We used one complete MAS #4 Economy Kit from Chesapeake Light Craft. The kit included gallon resin, 1 quart non-blushing slow hardener, 1 quart wood flour, 1 quart cell-o-fill thickener and 2 metered dispensing pumps. Cost: $131 plus shipping. When we were done we had about 2 oz. of epoxy left and had used nearly all of the wood flour and cell-o-fill. We had very little waste after the first couple of small batches. You quickly learn how many pumps it takes to do a particular job. I like this combination of products a lot!

A favorite tool:
I made up a 'sanding paddle' from a piece of heavy steel sheet and a dowel for a handle. It has 50-grit belt sander abrasive glued to one side. The corners are rounded so it won't damage adjacent parts.

sanding paddle

I found this tool especially useful when fine tuning the gunwale and stringer joints at the stems. It also works great for flattening surfaces - like a big, flat file.

A great saw for softwood:
I usually use a Japanese saw for hand cross-cuts but when sawing small pieces of cedar or pine to length it left a pretty rough end. Bad enough that every cut also had to be sanded too and often I'd mess up the squareness of the piece even when using a firm, flat sanding block.
hacksaw
I found that I got much smoother and more predictable results using my 50+ year old hacksaw with a new, clean 24-tooth blade in it. I suppose one could turn the blade around so the teeth face the handle and call it a 'pull saw' but the tool is designed to be pushed and seems to work best that way. To keep the cuts clean I don't use that blade for metal.

Under-seat Flotation:
We ended up covering the underside of the flotation foam with thin black Dacron fabric. We brushed on a coat of slightly thickened epoxy and pressed the fabric into it. When rowing I use the under-seat frame as a foot rest and the toes of my size 10 shoes often hits the foam. So far the fabric has held up OK and prevented damage to the foam.

Boat cover for storage:
We made up a quick and dirty cover for when the boat is stored inside our large storage building (small airplane hangar - but that's another story). I used a felt pen to mark the shape of the sheer on a couple of old sheets, cut outside that line three inches and sewed up a wide tube-hem. I made up a 1/4" rope loop with a piece four foot long piece of bungee cord at each end and fed it through the hem. It is easy to stretch the cover over the stem tops and then pull down over the sides. The boat is staying a lot cleaner now.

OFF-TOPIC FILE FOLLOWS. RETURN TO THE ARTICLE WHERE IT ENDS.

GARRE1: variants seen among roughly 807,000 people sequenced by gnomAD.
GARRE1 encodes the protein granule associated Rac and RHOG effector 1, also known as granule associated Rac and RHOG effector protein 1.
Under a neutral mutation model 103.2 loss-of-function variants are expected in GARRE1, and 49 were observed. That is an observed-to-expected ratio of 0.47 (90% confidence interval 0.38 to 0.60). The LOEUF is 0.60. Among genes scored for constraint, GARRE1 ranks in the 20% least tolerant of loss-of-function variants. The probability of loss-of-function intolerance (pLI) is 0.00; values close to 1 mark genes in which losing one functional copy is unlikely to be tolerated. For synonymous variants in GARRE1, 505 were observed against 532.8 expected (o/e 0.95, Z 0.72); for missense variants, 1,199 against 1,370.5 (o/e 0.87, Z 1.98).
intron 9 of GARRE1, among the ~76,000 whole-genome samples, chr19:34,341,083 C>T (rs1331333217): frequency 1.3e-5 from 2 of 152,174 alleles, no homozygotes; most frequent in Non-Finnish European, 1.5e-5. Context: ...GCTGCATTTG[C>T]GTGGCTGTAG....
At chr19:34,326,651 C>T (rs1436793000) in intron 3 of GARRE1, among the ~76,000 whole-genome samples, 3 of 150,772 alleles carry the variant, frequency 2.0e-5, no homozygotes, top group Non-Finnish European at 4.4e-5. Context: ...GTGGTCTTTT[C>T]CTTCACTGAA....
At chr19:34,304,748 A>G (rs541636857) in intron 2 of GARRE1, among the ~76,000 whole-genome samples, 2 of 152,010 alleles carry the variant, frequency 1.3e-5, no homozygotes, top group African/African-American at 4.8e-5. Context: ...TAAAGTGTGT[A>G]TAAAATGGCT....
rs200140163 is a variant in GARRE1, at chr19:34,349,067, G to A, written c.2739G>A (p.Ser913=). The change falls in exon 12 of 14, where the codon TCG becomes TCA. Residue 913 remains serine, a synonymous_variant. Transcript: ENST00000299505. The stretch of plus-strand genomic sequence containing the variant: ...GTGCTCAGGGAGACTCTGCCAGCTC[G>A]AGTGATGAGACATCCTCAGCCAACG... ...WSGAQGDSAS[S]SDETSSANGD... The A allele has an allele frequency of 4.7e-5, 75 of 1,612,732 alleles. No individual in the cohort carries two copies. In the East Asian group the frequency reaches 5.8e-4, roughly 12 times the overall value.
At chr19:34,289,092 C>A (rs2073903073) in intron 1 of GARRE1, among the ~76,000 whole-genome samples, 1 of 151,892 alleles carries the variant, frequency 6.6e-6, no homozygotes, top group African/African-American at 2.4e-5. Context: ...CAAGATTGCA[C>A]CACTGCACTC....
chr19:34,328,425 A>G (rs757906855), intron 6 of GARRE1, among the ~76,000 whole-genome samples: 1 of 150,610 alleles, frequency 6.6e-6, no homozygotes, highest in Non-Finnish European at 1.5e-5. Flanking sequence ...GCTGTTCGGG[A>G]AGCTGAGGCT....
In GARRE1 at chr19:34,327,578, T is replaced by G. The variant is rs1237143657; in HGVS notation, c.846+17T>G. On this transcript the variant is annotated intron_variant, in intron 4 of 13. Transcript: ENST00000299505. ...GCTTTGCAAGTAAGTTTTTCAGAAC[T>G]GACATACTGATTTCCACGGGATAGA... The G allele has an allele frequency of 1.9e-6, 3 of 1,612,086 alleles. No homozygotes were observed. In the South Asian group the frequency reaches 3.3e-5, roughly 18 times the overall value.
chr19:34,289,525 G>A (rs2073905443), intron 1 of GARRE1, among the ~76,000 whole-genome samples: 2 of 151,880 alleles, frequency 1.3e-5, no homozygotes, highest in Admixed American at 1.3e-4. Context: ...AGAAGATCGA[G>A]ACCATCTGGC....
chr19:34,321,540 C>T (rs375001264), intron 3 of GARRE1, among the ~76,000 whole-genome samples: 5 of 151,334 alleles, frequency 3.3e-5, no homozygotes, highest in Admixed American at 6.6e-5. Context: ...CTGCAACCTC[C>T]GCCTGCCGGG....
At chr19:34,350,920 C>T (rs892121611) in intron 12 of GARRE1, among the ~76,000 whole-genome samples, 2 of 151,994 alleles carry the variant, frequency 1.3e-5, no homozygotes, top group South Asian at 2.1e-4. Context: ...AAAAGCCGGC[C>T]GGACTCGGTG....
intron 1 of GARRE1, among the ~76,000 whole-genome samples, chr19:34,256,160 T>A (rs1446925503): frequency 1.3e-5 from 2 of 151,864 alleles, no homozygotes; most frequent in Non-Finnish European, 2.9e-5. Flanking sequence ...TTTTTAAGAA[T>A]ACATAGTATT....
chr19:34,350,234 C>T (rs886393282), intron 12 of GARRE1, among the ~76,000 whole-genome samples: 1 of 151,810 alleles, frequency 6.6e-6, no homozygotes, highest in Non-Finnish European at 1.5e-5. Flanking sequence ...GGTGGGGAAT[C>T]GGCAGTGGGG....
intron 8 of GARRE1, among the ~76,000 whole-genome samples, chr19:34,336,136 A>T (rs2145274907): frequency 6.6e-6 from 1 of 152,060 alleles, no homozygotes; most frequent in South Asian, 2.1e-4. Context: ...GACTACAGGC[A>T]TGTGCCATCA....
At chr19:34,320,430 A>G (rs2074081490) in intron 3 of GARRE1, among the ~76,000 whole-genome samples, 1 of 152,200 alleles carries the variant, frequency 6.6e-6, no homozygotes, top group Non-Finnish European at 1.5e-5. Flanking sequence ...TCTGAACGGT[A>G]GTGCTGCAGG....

Second set of Oars:
All of our rowing so far has been done with a set of oars I carved when building the boat. They are 7'-9" long, have a round, tapered profile and have sewn-on leathers with leather buttons. Most of the time the rower sits one seat towards the bow from amidships and with the oars fully extended to the buttons there is a small hand overlap.

We have become used to this arrangement but have occasionally been out in conditions where a second rower would be a good idea. This usually occurs when the wind picks up while we are downwind of our put-in spot and as noted above, it can be a challenge to make headway against  the wind. This issue has been dealt with for thousands of years by countless oarsmen but it has special meaning when it is you at the oars. The obvious solution was to carve another set of oars. The new oars are a bit longer at 8' - 4". They are square in profile from the handles to the leathers, then oval (the long dimension perpendicular to the blade) on down to where the blend into the blade. The reason for the square shape is to move the center of balance of the oar inboard which in turn makes the blade feel lighter. The trade-off is that these oars weight a little more that the slim round-profiled ones. By the way, the old oars balance fine because they each have a few ounces of lead in the grips.

Here are couple of photos showing the two oar types side by side and sewing on the leathers...
   Oar comparison and sewing on the leathers

I'll update here when we have a chance to try the new oars out; there is still 6-10" of snow on the driveway so it may be a while.   (ss 4/9/2016)


... more notes coming ...

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Future Boat Building Projects:

This winter (2015-16) we plan on each of us building a skin-on-frame kayak. I have been studying the plans for Dave Gentry's Mobjack Bay Greenland-style kayak. I think it might be a nice design for Sue since it is should fit her nicely. She has not committed to any particular design yet.

I'm now thinking of using a variation of Dave's building technique but building my boat based upon Brian Schulz's F1 kayak. Brian has done extensive design work and kindly published some measured drawings for his F1on line. In compliance with his requests, I'll not call this boat an F1 since I won't be using his building techniques. I will be sending him a donation for being willing to share the design. Check out this kayak at CapeFalconKayak.com.

The F1 is a relatively short boat at just over 14'; it is 23" wide.
 


 

On the water - July 27, 2015
This is not a particularly short boat; 18' 3"